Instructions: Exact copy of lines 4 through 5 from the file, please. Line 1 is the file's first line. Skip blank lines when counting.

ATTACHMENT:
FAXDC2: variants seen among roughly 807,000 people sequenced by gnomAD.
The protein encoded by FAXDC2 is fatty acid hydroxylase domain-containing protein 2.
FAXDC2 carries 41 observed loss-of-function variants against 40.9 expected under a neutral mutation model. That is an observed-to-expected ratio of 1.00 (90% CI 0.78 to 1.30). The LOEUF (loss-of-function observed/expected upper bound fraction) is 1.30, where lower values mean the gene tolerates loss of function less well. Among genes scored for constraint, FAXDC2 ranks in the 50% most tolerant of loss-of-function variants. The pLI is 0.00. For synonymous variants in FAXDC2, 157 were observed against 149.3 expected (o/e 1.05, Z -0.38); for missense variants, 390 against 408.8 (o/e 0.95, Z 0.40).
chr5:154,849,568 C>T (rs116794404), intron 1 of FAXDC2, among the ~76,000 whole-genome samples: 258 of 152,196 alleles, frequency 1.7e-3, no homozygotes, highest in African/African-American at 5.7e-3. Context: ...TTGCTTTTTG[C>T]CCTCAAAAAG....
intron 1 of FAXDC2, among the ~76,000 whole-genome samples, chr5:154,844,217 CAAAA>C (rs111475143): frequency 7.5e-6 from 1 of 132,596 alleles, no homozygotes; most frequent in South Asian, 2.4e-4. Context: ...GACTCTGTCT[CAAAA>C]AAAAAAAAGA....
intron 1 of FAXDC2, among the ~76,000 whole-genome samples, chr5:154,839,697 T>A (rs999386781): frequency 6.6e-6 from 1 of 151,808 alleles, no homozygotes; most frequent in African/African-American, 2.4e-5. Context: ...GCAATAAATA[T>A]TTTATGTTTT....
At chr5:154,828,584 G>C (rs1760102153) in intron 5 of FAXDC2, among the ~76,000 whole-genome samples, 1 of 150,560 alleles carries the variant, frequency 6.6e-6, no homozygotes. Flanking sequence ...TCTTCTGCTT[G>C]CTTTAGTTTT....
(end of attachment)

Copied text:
chr5:154,849,568 C>T (rs116794404), intron 1 of FAXDC2, among the ~76,000 whole-genome samples: 258 of 152,196 alleles, frequency 1.7e-3, no homozygotes, highest in African/African-American at 5.7e-3. Context: ...TTGCTTTTTG[C>T]CCTCAAAAAG....
intron 1 of FAXDC2, among the ~76,000 whole-genome samples, chr5:154,844,217 CAAAA>C (rs111475143): frequency 7.5e-6 from 1 of 132,596 alleles, no homozygotes; most frequent in South Asian, 2.4e-4. Context: ...GACTCTGTCT[CAAAA>C]AAAAAAAAGA....